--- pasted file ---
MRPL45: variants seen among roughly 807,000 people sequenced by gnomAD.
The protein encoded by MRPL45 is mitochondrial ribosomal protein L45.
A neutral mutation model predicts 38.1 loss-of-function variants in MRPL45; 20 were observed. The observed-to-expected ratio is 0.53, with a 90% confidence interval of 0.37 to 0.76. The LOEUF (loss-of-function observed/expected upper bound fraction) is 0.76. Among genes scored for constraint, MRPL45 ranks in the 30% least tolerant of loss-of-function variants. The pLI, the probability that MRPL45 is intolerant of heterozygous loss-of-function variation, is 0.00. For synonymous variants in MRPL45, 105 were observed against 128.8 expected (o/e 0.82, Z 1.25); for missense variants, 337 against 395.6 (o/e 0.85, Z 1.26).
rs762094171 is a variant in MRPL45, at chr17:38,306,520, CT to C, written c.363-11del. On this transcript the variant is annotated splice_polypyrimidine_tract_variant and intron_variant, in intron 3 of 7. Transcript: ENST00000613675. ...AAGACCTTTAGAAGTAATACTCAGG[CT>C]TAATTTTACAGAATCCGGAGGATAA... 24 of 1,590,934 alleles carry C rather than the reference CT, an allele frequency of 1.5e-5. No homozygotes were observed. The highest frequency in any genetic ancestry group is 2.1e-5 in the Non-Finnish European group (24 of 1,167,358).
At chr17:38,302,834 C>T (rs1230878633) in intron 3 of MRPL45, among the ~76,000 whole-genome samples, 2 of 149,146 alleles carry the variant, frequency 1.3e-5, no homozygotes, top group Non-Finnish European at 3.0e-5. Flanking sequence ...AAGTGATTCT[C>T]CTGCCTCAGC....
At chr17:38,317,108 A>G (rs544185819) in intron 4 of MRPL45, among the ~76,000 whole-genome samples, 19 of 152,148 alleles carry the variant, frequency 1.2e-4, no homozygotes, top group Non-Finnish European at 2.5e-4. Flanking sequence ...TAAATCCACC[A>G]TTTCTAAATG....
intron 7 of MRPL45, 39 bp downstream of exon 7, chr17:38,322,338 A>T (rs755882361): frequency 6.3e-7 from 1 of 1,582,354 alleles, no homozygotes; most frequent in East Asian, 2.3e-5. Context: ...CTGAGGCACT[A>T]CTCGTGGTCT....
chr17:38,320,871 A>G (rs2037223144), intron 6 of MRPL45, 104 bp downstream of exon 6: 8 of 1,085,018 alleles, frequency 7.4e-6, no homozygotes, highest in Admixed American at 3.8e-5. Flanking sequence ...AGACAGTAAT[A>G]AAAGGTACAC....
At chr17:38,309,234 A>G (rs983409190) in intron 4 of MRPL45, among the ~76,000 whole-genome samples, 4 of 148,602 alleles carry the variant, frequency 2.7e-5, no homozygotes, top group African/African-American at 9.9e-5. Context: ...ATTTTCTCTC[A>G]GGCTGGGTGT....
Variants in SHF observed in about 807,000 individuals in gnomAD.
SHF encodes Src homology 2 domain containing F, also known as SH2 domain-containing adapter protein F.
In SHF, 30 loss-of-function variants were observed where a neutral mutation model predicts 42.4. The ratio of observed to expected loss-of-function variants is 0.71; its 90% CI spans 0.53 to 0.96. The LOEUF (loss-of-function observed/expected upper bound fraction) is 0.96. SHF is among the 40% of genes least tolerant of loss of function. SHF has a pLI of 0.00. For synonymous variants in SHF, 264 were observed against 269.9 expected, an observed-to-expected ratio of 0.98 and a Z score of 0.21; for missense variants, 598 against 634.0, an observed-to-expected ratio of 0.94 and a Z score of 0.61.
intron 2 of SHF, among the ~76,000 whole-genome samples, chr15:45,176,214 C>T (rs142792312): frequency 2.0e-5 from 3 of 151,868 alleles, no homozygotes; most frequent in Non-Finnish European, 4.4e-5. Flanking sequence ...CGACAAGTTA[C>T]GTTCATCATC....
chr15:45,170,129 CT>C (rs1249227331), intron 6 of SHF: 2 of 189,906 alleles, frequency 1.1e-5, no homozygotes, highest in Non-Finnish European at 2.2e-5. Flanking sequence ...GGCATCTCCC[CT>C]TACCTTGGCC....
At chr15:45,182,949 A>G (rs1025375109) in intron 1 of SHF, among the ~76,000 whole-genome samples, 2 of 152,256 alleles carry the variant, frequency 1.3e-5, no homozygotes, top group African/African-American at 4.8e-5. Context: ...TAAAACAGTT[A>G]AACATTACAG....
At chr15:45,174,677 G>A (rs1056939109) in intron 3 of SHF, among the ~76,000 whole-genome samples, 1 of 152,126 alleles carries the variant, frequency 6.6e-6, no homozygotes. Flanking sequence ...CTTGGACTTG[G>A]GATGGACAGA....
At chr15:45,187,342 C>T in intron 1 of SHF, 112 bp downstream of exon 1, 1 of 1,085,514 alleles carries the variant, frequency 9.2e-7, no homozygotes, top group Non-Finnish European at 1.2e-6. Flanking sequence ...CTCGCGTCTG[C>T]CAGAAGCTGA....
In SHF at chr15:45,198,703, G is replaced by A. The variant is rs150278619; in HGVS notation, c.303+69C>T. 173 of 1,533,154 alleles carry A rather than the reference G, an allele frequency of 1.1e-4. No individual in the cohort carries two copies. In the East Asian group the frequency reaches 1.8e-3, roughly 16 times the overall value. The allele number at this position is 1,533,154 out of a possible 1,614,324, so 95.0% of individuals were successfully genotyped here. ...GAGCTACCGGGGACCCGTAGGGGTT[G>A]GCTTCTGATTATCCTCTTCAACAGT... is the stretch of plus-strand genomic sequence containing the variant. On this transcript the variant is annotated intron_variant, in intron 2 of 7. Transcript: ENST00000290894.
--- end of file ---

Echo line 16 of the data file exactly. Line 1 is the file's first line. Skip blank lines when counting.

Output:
At chr15:45,174,677 G>A (rs1056939109) in intron 3 of SHF, among the ~76,000 whole-genome samples, 1 of 152,126 alleles carries the variant, frequency 6.6e-6, no homozygotes. Flanking sequence ...CTTGGACTTG[G>A]GATGGACAGA....